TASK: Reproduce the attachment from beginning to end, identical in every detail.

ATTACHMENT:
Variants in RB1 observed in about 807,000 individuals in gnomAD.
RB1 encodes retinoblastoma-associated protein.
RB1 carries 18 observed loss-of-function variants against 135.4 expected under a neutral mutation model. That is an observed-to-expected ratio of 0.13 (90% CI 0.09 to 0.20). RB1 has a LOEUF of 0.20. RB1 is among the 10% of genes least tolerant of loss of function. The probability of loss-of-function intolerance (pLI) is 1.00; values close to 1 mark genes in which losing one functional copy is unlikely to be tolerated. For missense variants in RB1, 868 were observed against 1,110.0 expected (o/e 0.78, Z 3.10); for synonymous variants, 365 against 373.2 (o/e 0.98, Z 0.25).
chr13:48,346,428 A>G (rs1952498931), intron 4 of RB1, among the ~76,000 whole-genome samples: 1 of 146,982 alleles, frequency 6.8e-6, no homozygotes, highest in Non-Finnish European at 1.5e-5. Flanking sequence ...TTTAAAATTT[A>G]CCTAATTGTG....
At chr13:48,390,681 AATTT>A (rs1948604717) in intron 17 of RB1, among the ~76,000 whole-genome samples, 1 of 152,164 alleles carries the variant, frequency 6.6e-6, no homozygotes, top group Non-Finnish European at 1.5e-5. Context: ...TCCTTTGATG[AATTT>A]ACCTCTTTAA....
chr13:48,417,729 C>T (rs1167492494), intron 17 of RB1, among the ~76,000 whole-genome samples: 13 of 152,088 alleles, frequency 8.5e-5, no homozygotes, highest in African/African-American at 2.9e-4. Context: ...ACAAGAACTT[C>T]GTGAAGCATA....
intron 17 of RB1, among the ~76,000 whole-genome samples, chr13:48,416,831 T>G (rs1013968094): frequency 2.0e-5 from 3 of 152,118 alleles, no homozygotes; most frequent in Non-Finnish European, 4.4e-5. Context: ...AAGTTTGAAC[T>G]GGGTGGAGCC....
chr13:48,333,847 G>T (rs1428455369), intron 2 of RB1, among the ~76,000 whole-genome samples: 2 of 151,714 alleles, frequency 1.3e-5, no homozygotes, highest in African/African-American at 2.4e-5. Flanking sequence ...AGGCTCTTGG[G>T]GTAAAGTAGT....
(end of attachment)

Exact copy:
Variants in RB1 observed in about 807,000 individuals in gnomAD.
RB1 encodes retinoblastoma-associated protein.
RB1 carries 18 observed loss-of-function variants against 135.4 expected under a neutral mutation model. That is an observed-to-expected ratio of 0.13 (90% CI 0.09 to 0.20). RB1 has a LOEUF of 0.20. RB1 is among the 10% of genes least tolerant of loss of function. The probability of loss-of-function intolerance (pLI) is 1.00; values close to 1 mark genes in which losing one functional copy is unlikely to be tolerated. For missense variants in RB1, 868 were observed against 1,110.0 expected (o/e 0.78, Z 3.10); for synonymous variants, 365 against 373.2 (o/e 0.98, Z 0.25).
chr13:48,346,428 A>G (rs1952498931), intron 4 of RB1, among the ~76,000 whole-genome samples: 1 of 146,982 alleles, frequency 6.8e-6, no homozygotes, highest in Non-Finnish European at 1.5e-5. Flanking sequence ...TTTAAAATTT[A>G]CCTAATTGTG....
At chr13:48,390,681 AATTT>A (rs1948604717) in intron 17 of RB1, among the ~76,000 whole-genome samples, 1 of 152,164 alleles carries the variant, frequency 6.6e-6, no homozygotes, top group Non-Finnish European at 1.5e-5. Context: ...TCCTTTGATG[AATTT>A]ACCTCTTTAA....
chr13:48,417,729 C>T (rs1167492494), intron 17 of RB1, among the ~76,000 whole-genome samples: 13 of 152,088 alleles, frequency 8.5e-5, no homozygotes, highest in African/African-American at 2.9e-4. Context: ...ACAAGAACTT[C>T]GTGAAGCATA....
intron 17 of RB1, among the ~76,000 whole-genome samples, chr13:48,416,831 T>G (rs1013968094): frequency 2.0e-5 from 3 of 152,118 alleles, no homozygotes; most frequent in Non-Finnish European, 4.4e-5. Context: ...AAGTTTGAAC[T>G]GGGTGGAGCC....
chr13:48,333,847 G>T (rs1428455369), intron 2 of RB1, among the ~76,000 whole-genome samples: 2 of 151,714 alleles, frequency 1.3e-5, no homozygotes, highest in African/African-American at 2.4e-5. Flanking sequence ...AGGCTCTTGG[G>T]GTAAAGTAGT....